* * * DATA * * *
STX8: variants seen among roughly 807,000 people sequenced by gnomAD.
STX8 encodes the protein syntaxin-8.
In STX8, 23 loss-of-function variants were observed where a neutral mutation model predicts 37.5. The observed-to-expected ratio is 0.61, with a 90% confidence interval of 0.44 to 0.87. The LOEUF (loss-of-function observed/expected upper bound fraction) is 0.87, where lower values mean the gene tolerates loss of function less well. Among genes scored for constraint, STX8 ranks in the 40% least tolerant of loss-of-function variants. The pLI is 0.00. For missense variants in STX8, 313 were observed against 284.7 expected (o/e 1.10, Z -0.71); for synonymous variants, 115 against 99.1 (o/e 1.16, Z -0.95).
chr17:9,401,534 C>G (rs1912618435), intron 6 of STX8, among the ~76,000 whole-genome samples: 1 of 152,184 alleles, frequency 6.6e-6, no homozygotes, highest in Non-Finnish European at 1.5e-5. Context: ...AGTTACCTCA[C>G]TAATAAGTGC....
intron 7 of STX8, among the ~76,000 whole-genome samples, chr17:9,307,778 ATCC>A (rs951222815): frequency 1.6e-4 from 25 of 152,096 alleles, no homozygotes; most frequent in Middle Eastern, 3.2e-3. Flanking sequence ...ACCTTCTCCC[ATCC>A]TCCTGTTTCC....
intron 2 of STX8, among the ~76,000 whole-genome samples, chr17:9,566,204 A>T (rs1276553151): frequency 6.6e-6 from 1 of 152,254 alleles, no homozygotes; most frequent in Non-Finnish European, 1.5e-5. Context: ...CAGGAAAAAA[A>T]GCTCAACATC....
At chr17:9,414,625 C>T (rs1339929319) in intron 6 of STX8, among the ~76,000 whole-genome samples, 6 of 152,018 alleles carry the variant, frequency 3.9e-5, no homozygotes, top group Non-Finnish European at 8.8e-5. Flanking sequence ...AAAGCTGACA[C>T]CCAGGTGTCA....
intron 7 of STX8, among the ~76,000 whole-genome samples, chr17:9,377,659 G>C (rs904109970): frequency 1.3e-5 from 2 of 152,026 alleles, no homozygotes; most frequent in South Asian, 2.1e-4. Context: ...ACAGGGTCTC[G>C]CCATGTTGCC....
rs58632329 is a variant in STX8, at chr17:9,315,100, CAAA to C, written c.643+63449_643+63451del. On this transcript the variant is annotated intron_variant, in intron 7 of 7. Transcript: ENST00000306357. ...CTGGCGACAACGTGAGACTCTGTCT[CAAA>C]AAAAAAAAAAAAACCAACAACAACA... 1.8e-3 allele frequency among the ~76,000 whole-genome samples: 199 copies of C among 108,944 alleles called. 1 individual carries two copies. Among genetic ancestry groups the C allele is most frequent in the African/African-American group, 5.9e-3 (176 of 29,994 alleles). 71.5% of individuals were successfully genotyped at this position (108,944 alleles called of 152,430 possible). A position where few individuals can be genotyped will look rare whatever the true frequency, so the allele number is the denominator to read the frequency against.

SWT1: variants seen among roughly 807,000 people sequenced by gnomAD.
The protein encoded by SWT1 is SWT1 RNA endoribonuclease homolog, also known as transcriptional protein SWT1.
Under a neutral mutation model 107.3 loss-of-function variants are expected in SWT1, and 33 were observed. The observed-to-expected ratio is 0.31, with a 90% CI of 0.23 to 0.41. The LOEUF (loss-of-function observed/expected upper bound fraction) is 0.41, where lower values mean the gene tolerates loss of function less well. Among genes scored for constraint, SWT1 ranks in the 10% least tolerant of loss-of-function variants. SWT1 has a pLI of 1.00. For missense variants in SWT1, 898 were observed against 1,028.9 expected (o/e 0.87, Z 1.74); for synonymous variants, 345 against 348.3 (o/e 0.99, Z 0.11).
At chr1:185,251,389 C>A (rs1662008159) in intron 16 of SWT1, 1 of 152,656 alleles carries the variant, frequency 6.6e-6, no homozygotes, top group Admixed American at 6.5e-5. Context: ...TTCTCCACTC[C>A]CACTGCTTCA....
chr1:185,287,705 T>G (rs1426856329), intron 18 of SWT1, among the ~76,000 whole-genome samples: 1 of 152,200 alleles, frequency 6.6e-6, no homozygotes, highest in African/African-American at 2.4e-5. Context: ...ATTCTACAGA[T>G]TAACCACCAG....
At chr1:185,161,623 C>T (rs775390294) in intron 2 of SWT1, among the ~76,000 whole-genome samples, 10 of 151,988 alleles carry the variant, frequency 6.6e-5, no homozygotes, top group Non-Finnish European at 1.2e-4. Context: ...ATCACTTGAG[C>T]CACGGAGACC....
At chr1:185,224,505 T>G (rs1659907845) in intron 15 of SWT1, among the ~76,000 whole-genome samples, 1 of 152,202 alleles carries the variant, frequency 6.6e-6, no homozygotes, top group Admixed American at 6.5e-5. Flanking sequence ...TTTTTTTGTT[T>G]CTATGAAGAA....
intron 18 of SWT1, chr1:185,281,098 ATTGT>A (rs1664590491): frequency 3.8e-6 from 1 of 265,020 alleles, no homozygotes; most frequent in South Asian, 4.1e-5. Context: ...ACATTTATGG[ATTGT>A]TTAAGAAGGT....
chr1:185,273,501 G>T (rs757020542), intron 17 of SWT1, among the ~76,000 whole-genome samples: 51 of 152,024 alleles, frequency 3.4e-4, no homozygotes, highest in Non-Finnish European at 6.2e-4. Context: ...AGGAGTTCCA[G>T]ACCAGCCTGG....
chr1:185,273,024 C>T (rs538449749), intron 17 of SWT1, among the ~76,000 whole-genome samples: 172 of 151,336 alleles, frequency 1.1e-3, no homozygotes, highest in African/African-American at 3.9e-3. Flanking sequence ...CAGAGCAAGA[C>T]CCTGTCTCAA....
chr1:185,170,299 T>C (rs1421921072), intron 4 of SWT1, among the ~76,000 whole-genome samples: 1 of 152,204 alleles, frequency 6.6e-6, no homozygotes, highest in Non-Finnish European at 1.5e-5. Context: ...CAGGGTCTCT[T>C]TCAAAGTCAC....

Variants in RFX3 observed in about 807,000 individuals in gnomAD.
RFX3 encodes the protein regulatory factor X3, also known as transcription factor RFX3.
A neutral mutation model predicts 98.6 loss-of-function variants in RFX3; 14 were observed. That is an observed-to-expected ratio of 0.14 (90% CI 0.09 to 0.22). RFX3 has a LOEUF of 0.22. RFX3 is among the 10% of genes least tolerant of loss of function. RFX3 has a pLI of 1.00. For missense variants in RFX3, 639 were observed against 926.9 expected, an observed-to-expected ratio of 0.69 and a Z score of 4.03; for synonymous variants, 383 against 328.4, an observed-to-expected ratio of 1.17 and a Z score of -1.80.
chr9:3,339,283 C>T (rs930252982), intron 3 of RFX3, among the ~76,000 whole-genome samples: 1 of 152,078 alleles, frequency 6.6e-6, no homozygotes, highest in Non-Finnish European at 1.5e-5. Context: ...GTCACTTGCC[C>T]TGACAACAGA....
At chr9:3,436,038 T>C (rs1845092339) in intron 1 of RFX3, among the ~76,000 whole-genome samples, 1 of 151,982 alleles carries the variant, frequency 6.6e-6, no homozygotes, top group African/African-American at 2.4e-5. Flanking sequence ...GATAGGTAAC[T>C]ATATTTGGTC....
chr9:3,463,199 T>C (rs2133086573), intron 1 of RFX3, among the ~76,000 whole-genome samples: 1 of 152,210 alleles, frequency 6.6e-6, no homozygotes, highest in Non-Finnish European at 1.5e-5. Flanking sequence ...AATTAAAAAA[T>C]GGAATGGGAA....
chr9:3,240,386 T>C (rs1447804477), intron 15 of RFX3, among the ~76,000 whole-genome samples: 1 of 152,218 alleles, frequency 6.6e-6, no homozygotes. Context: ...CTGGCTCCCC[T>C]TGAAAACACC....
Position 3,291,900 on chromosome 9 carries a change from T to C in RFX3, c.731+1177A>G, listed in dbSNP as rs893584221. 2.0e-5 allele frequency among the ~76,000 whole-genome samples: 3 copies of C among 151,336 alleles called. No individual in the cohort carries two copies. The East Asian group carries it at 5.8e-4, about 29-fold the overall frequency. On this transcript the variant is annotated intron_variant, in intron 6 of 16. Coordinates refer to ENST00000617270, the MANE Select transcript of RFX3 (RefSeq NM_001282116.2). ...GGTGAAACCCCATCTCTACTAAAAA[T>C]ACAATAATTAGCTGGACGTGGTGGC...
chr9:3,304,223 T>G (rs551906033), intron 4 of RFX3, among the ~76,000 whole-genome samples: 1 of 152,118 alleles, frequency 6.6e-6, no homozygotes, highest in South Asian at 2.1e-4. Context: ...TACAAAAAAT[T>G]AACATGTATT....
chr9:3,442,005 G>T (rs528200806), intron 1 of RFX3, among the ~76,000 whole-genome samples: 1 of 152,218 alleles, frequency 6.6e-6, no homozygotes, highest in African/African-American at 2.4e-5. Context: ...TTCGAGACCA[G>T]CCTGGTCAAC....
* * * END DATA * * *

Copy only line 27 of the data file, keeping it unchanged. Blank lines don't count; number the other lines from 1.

chr9:3,240,386 T>C (rs1447804477), intron 15 of RFX3, among the ~76,000 whole-genome samples: 1 of 152,218 alleles, frequency 6.6e-6, no homozygotes. Context: ...CTGGCTCCCC[T>C]TGAAAACACC....